Gosh, this is a scary line of reasoning. Without discernment, any claim is just as valid as another! We'd have to give equal credence to the veracity of every UFO claim, sewer monster, and Catholic visions of the Virgin.

No, I think that at a certain point, lack of evidence itself becomes fairly compelling.

"what kind of evidence would be acceptable? ... If you have not decided what evidence would be sufficient and reasonable, then you cannot state that there is no evidence for God."

I'd like to point out that I never claimed that there is no evidence for God. My position is that there is far more evidence that our universe seems to run on its own by natural means. What evidence there is for God is merely weaker than the other kind.

"Does Christianity fit within that criteria?"

I'm a little confused by this one. Is the question whether the existence of Christianity counts as evidence? If so, sure, it can be evidence. It's just not particularly compelling evidence since Judaism would be evidence for Jesus' human status and Buddhism would have to be evidence for Nirvana.

I'd have to answer 'D' like this:

D) no, it is undefined. 1) nope. That's silly; putting expectations on a myth... a) Absolutely not -- I'd probably die of fright when approached by the guy who created plagues and yeast infections i & ii) It could be possible to hallucinate such an experience but it would doubtlessly change my thinking. Whether it was verifiable would depend on the circumstances.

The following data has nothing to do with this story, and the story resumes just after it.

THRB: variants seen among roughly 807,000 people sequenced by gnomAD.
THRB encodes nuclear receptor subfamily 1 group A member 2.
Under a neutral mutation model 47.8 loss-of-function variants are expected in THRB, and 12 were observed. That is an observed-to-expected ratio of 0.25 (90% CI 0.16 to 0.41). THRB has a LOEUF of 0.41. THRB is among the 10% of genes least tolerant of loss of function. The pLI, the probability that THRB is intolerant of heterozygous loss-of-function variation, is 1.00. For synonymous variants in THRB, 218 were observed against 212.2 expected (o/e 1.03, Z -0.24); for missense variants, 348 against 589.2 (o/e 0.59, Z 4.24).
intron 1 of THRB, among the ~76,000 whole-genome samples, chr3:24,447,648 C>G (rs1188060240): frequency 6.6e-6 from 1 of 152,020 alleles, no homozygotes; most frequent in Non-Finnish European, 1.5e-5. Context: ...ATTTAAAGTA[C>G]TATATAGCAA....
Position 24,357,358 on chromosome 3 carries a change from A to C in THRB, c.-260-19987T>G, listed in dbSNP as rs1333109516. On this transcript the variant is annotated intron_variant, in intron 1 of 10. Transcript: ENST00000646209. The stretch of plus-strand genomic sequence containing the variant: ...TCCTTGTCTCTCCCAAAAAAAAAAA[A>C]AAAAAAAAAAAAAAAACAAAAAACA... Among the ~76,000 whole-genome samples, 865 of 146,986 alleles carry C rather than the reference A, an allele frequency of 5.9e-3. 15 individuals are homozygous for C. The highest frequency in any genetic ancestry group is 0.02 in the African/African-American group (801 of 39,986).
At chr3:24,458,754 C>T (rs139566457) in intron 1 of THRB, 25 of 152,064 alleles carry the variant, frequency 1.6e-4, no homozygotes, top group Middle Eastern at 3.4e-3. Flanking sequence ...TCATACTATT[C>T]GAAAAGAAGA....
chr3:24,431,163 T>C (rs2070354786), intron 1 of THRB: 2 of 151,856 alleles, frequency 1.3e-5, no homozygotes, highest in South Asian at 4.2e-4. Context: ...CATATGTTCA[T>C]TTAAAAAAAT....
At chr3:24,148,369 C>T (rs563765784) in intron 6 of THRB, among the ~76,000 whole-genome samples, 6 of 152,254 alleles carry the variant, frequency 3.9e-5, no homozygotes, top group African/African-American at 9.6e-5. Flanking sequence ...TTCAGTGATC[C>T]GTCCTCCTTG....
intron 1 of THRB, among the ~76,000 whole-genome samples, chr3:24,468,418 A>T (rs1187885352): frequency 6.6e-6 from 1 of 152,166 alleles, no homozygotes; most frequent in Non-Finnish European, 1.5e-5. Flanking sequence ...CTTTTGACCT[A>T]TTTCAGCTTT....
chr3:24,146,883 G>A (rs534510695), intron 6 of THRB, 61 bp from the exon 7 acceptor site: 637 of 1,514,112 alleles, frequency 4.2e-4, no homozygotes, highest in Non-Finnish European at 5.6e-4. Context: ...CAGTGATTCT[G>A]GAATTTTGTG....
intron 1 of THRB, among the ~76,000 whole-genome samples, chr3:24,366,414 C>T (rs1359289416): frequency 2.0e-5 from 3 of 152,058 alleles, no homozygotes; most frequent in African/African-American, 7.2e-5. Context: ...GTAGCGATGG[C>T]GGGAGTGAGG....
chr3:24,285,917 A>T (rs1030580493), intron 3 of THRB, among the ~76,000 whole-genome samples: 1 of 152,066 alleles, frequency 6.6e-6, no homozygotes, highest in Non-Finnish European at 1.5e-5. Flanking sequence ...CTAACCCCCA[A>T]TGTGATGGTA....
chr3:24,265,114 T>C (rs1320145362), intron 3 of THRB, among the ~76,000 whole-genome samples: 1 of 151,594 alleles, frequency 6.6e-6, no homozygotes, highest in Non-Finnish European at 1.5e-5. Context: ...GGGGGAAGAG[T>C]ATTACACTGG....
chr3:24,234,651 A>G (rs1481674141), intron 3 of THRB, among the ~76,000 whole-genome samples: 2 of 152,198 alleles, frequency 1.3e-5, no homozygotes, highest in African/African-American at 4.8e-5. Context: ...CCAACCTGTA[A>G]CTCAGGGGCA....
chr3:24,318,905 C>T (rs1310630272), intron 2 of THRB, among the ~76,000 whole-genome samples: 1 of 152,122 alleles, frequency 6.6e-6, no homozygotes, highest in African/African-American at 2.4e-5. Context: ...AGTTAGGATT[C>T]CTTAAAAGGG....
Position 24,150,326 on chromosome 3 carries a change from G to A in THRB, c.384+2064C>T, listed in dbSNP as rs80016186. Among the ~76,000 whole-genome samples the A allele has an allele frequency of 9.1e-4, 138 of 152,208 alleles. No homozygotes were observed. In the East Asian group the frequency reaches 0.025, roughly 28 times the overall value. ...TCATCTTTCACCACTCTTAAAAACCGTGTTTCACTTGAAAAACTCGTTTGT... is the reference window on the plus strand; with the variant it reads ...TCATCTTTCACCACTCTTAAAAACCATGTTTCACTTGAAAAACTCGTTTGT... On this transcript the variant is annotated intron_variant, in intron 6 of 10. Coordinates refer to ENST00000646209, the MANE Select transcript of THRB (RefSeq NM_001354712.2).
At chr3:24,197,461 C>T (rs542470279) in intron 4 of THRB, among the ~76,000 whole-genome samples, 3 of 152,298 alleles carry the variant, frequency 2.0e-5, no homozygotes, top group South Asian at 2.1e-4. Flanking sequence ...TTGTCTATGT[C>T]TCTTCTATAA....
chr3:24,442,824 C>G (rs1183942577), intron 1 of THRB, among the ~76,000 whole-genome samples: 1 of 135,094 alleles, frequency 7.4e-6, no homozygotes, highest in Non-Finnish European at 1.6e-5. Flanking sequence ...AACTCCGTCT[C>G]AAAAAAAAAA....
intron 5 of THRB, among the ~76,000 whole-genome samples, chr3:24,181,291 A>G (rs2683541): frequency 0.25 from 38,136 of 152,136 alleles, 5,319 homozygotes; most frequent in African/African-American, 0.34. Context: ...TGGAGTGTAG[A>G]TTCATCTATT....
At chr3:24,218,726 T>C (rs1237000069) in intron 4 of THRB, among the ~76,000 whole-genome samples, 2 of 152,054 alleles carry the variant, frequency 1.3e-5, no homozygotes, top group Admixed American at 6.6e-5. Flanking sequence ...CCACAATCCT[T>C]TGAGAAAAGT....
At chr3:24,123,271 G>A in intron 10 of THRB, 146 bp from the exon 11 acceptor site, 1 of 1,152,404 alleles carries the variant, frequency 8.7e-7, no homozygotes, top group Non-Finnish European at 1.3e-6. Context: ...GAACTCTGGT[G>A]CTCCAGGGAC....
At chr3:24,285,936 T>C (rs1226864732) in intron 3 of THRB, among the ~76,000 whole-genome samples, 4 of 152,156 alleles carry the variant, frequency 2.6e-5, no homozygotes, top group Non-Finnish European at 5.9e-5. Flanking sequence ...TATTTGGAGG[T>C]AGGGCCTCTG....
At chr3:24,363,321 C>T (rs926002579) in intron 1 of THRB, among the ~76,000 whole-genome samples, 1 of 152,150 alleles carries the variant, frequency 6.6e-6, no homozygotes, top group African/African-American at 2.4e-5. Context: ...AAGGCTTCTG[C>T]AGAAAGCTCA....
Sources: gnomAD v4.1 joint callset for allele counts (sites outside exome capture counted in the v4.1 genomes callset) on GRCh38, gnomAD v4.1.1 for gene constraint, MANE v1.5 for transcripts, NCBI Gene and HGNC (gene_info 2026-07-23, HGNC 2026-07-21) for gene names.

"Are you objectively examining evidence that is presented?"

Sure, I have nothing to prove (get it? ;)). Does the Christian Apologetics and Research Ministry have anything to prove?

"...If so, then you cannot objectively examine the evidence."

er... what? This must be a typo. If so, then so. I think what the author probably means is that no one can be objective. Of course, I reject this: I'm pretty good at it.

"Do you define the miraculous out of existence?"

I have no idea what this means. I'm gonna need some help on this exam.

"If you assume that science can explain all phenomena..."

This, like many religions, is really just anthropomorphism. The implication is that science is itself an entity which proves and disproves things. That's not really how it works. A true proof is only applicable in logic; "science" just works with models and tries to refine them to the most likely scenario.

One of the reasons "God" and "science" so often butt heads is the idea of falsifiability. The 'God model' can never be tested scientifically because it is unfalsifiable (which is really all this article is stating). Every defense of God can always fall back on the old 'God can do anything' or even the oft presented 'God works in mysterious ways.'

So, I suppose, does Woden, Allah, and E.T.

jhamrick
10-11-01, 10:48 PM
Smugg,
you posted stuff about Woden, allah, and E.T. here and actually you're point is well taken. However, that was not the focus of this reasoning. It was to show through logic, the possibility of God's existance, and that's hard to argue.

I agree with you on the Christianity thing though. I didn't really see where that fit into the line of reason.

Lts
10-12-01, 07:06 PM
""Are you objectively examining evidence that is presented?"

Sure, I have nothing to prove (get it? ). Does the Christian Apologetics and Research Ministry have anything to prove?

"...If so, then you cannot objectively examine the evidence."

er... what? This must be a typo. If so, then so. I think what the author probably means is that no one can be objective. Of course, I reject this. I'm pretty good at it. "


Kinda saids it all huh?
He is objective and he saids he is good at it.
Guess we will have to take his objective word for it LOL